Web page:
Please Provide the Proper Identification

White insulated conductors

Residential electricians commonly use white insulated conductors inside of NM cable as ungrounded conductors. This month’s “Right or Wrong” covers the details on how to properly use white or gray conductors as “hots”.

Section 200.7 of the 2014 National Electrical Code covers the use of white insulated conductors. 200.7(A) specifies that a white or gray conductor or a conductor with three with or gray stripes on other than green insulation shall only be used as a grounded conductor unless specifically permitted by 200.7(B) or 200.7(C). Section 200.7(B) applies to circuits of less than 50 volts that are required to be grounded in Article 250. This article will concentrate on the more common application that applies to circuits over 50 volts.

Electricians commonly use NM cable, or “Romex”, for wiring residential occupancies. Typically a 10/2 with ground NM cable is used to feed a water heater on a 240-volt circuit and the white insulated conductor is used for one of the “hot” legs. Is this a code compliant installation? It is if the white conductor is properly identified at each termination point. 200.7(C) states that a white or gray insulated conductor may be used as an ungrounded conductor; If part of a cable assembly that has the insulation permanently reidentified to indicate its use as an ungrounded conductor by marking tape, painting, or other effective means at its termination and at each location where the conductor is visible and accessible. Identification shall encircle the insulation and shall be a color other than white, gray, or green. If used for single-pole, 3-way, or 4-way switch loops, the reidentified conductor with white or gray insulation or three continuous white stripes shall be used only for the supply to the switch, but not as the return conductor from the switch to the outlet.

In the attached photo, you can see a humorous application of this code requirement. The installer certainly identified the ungrounded conductors but did not quite meet the requirements of the National Electrical Code. The N.E.C. requires the identification to “encircle” the conductor. This is usually accomplished by the use of electrical tape or a black marker.

When using white or gray conductors as ungrounded conductors remember a few rules. The conductors must be reidentified at each termination point and each point where the conductor is accessible and visible, such as junction and outlet boxes. The marking can be made with tape, paint, or other effective means but must encircle the conductor. The white or gray conductor must be in a cable assembly. It is never legal to use an individual white or gray conductor as an ungrounded conductor even if it is reidentified. Lastly, if the reidentified conductor is used in a switch loop, it cannot be used to supply power to the outlet. To meet this code rule, you must use the white or gray conductor to feed power to the switch and then use the black or red conductor in the NM cable to feed the outlet.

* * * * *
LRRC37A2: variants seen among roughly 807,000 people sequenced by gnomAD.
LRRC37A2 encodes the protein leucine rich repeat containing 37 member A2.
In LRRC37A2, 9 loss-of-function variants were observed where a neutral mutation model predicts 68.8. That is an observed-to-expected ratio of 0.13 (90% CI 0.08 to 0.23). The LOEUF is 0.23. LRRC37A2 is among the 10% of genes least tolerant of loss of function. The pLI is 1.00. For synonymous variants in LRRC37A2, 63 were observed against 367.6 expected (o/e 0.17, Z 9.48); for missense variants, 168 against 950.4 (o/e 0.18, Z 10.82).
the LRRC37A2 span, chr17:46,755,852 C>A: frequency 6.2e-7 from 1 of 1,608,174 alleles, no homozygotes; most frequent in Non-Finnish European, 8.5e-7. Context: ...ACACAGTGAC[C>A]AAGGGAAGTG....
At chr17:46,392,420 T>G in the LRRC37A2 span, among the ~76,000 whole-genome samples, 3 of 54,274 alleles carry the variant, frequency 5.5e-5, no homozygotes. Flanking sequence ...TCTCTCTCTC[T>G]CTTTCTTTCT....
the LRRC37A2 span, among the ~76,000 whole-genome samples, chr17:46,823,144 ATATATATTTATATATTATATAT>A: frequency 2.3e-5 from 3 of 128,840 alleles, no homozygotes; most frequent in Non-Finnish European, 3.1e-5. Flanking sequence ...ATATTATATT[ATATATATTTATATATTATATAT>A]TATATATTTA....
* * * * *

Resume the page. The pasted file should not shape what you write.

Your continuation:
Proper identification of conductors is vital to a safe electrical system. Be sure to check back here often for updated blogs and illustrations to help keep you at the top of the electrical field. has electrical training courses, electrical exam preparation classes, free electrical practice tests, live seminars, private classes, and electrical practice questions to help you learn more about the National Electrical Code or prepare you for your upcoming electrical exam. We also offer on-line continuing education courses for Texas electricians as well as live CE classes for Ohio, Alabama, North Carolina, and other states. Our instructors have decades of experience and are licensed electrical contractors and master electricians. Ask us about live instruction and private classes. Spend some time browsing our site and please email any suggestions or questions to Send us a picture of a code violation or a proper installation and if we use it in an article, we will send you a great prize.

19 Comments on “Please Provide the Proper Identification”

  1. Keep yourself and others working with or around you. Stay up to the latest and best information, so that your installation is done professionally.

  2. First of all if it’s a black wire in the breaker, it does not need a marking. And the markings on a neutral wire should be done with black tape over the it, or a writing of “hot” on a tape wrapped around the neutral wire.

    Or if the white wires are meant to be neutrals, then they do not go there.

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